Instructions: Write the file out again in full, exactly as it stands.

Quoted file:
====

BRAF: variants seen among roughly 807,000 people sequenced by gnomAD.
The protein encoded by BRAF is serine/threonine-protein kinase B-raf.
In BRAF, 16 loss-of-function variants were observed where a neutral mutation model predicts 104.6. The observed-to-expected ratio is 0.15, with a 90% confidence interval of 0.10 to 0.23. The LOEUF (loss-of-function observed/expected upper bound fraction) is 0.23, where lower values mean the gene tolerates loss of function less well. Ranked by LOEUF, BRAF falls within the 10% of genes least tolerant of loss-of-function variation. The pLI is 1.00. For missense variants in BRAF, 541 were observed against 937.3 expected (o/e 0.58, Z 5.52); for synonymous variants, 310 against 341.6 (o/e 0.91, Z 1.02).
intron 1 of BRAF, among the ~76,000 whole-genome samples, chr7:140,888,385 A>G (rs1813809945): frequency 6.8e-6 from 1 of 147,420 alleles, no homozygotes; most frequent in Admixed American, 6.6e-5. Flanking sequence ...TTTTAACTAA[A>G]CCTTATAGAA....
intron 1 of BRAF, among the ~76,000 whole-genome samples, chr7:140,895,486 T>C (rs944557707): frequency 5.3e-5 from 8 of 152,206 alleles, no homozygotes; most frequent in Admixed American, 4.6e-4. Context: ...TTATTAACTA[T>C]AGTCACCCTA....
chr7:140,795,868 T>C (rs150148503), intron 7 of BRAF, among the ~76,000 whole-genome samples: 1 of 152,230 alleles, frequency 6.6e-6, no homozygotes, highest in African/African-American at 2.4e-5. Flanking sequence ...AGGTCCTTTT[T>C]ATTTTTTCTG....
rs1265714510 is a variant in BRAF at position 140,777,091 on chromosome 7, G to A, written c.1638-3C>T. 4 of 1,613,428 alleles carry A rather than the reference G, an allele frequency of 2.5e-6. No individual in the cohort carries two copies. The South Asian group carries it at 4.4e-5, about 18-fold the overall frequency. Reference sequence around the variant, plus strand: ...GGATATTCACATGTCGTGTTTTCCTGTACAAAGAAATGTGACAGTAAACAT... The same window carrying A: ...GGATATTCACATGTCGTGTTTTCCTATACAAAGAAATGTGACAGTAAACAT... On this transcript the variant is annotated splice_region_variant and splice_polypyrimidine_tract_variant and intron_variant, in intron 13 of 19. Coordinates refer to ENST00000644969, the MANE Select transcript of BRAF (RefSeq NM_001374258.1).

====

BRAF: variants seen among roughly 807,000 people sequenced by gnomAD.
The protein encoded by BRAF is serine/threonine-protein kinase B-raf.
In BRAF, 16 loss-of-function variants were observed where a neutral mutation model predicts 104.6. The observed-to-expected ratio is 0.15, with a 90% confidence interval of 0.10 to 0.23. The LOEUF (loss-of-function observed/expected upper bound fraction) is 0.23, where lower values mean the gene tolerates loss of function less well. Ranked by LOEUF, BRAF falls within the 10% of genes least tolerant of loss-of-function variation. The pLI is 1.00. For missense variants in BRAF, 541 were observed against 937.3 expected (o/e 0.58, Z 5.52); for synonymous variants, 310 against 341.6 (o/e 0.91, Z 1.02).
intron 1 of BRAF, among the ~76,000 whole-genome samples, chr7:140,888,385 A>G (rs1813809945): frequency 6.8e-6 from 1 of 147,420 alleles, no homozygotes; most frequent in Admixed American, 6.6e-5. Flanking sequence ...TTTTAACTAA[A>G]CCTTATAGAA....
intron 1 of BRAF, among the ~76,000 whole-genome samples, chr7:140,895,486 T>C (rs944557707): frequency 5.3e-5 from 8 of 152,206 alleles, no homozygotes; most frequent in Admixed American, 4.6e-4. Context: ...TTATTAACTA[T>C]AGTCACCCTA....
chr7:140,795,868 T>C (rs150148503), intron 7 of BRAF, among the ~76,000 whole-genome samples: 1 of 152,230 alleles, frequency 6.6e-6, no homozygotes, highest in African/African-American at 2.4e-5. Flanking sequence ...AGGTCCTTTT[T>C]ATTTTTTCTG....
rs1265714510 is a variant in BRAF at position 140,777,091 on chromosome 7, G to A, written c.1638-3C>T. 4 of 1,613,428 alleles carry A rather than the reference G, an allele frequency of 2.5e-6. No individual in the cohort carries two copies. The South Asian group carries it at 4.4e-5, about 18-fold the overall frequency. Reference sequence around the variant, plus strand: ...GGATATTCACATGTCGTGTTTTCCTGTACAAAGAAATGTGACAGTAAACAT... The same window carrying A: ...GGATATTCACATGTCGTGTTTTCCTATACAAAGAAATGTGACAGTAAACAT... On this transcript the variant is annotated splice_region_variant and splice_polypyrimidine_tract_variant and intron_variant, in intron 13 of 19. Coordinates refer to ENST00000644969, the MANE Select transcript of BRAF (RefSeq NM_001374258.1).